In an effort to reduce the burden of cancers and other Non-Communicable Diseases (NCDs), the Ministry of Health and Wellness has developed a Multi-sectoral National NCDs Strategy (2018-2023) which will consolidate and focus country efforts in mitigating the burden of NCDs in Botswana.
This was revealed by the Minister of Health and Wellness Dr Alfred Madigele during the World Cancer Day commemoration in Mochudi village recently. Dr Madigele highlighted that the strategy will give equal opportunity to all players with more emphasis on building sustainable community response mechanism in fighting NCDs risk factors including cancer, adding that it will furthermore focus on our ability to restore quality life to those affected through provision of evidence based care.
The minister further stated that in 2014 his Ministry embarked on a nationwide survey to assess the burden of risk factors of NCDs in Botswana and the study revealed that about 31% of Batswana are overweight, 18% smoke, 20% do not engage in enough physical activity, while 26% drink alcohol. He noted that if nothing is done about these figures, we will continue to see an increase in the prevalence of NCDs and we will continue to loose precious lives prematurely.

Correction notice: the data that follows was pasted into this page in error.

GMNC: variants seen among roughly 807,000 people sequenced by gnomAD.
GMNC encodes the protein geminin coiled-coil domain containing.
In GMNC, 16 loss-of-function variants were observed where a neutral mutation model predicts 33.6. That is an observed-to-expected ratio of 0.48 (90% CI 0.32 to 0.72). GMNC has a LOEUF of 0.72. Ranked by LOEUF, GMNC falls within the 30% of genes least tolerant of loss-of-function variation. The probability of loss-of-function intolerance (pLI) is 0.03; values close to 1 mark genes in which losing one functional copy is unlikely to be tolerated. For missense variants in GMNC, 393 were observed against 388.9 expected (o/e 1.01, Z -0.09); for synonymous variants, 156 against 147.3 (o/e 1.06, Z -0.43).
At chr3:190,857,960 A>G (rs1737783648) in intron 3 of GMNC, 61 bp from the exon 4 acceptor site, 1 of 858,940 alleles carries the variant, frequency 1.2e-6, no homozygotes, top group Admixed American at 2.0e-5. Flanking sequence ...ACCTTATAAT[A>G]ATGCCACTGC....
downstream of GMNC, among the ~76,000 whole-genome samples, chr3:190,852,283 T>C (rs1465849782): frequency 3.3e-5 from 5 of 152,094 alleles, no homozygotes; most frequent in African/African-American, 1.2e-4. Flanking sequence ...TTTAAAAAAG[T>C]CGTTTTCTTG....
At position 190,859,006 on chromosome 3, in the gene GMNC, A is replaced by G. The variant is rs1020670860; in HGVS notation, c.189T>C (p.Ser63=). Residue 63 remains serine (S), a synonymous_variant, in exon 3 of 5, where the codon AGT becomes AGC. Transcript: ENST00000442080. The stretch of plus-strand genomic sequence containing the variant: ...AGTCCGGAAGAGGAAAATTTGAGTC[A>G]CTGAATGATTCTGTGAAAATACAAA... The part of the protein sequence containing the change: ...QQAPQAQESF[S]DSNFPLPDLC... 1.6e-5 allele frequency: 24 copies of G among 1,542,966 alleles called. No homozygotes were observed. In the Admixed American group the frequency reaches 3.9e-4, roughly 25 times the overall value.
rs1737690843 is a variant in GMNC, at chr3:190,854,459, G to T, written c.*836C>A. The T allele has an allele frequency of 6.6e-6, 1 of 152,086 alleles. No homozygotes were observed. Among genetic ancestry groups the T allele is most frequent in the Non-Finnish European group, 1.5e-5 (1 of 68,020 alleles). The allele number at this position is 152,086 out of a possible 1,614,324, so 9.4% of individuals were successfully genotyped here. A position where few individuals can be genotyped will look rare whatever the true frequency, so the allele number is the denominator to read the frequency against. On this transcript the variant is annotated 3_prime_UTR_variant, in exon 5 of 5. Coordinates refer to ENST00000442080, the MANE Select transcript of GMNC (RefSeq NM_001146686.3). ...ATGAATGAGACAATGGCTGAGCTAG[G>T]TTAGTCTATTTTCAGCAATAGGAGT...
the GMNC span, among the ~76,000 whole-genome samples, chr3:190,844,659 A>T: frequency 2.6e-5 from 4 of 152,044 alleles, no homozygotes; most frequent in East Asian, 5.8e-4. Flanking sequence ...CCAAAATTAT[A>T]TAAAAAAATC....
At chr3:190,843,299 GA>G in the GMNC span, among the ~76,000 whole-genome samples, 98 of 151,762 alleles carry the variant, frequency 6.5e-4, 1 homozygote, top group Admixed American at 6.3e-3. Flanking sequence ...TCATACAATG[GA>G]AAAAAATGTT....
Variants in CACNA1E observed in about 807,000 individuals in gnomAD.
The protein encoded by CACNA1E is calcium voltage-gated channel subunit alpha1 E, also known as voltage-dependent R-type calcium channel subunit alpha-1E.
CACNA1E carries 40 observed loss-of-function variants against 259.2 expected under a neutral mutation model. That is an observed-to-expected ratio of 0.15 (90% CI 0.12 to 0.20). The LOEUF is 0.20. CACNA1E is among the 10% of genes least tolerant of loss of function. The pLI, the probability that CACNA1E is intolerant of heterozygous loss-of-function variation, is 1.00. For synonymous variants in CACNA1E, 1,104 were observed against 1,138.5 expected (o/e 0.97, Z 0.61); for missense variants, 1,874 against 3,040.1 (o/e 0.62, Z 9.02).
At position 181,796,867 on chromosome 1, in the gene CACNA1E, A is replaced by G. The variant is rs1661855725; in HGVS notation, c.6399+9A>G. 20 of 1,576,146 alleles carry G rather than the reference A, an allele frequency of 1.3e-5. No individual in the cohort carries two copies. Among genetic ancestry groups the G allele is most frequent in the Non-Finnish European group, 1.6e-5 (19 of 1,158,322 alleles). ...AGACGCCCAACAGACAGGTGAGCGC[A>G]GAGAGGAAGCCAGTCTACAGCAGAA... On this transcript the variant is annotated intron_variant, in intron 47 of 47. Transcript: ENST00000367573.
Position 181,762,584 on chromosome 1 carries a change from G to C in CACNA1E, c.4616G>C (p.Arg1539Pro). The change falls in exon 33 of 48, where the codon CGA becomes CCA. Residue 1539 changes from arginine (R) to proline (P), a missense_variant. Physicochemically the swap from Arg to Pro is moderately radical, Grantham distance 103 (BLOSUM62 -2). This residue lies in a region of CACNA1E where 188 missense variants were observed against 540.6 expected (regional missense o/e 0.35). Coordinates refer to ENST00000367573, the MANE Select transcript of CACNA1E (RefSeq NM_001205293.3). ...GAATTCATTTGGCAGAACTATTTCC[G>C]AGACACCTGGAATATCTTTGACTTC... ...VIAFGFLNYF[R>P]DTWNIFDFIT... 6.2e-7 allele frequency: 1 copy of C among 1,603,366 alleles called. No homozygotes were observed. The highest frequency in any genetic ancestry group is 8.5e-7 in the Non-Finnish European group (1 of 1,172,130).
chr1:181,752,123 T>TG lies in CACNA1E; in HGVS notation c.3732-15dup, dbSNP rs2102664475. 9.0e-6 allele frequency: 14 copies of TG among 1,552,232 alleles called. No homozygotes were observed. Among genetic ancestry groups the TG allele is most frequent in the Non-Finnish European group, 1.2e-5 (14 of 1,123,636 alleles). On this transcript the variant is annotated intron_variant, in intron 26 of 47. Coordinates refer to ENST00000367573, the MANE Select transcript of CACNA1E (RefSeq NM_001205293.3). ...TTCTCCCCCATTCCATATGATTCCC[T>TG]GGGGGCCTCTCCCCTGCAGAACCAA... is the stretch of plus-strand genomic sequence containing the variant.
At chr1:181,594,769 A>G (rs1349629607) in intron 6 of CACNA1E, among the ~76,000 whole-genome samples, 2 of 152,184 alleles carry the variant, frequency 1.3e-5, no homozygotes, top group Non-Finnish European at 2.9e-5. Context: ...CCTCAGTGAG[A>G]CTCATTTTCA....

“It is worth noting that cancer and other non-communicable diseases are the world’s biggest killers and are fuelled largely by factors which we can change namely; tobacco, alcohol use, lack of exercise and unhealthy diets. These are the things that we as individuals can change to show the commitments to change and the commitment to take responsibility of our health,” he said.
In addition, Dr Madigele reiterated that the government remains committed to fighting cancer and will continue to provide health promotion, disease prevention and treatment services for cancer and other NCDs to all citizens.
Meanwhile, the minister explained that this year’s commemoration theme Ï am and I will” challenges all citizens to reflect on their individual and collective efforts to reducing the burden of cancer in the country. “The truth is, cancer affects all of us in different ways. The theme ‘I Am and I Will’ is a call-to action urging for personal commitment and represents the power of what individual action taken now, can create a future free of cancer,” said Dr Madigele.
For her part, Princess Marina Hospital Oncologist Dr Bonolo Mhaladi called all members of the public to counter the risk factors of having any forms of cancer by; reducing alcohol consumption especially strong beverages and quitting smoking or having any contact with cigarette smoke, as this has been found to be among the strongest risk factor associated with having any form of cancer; as well as regular exercising.
The commemoration kick-started with a cycling event whose objectives were to promote healthy active lifestyles through sports, raise awareness about cancer as well as to raise funds buy bicycles for cancer survivors and stationary bicycle gyms to be used by the community.
Anti Tobacco Network (ATN)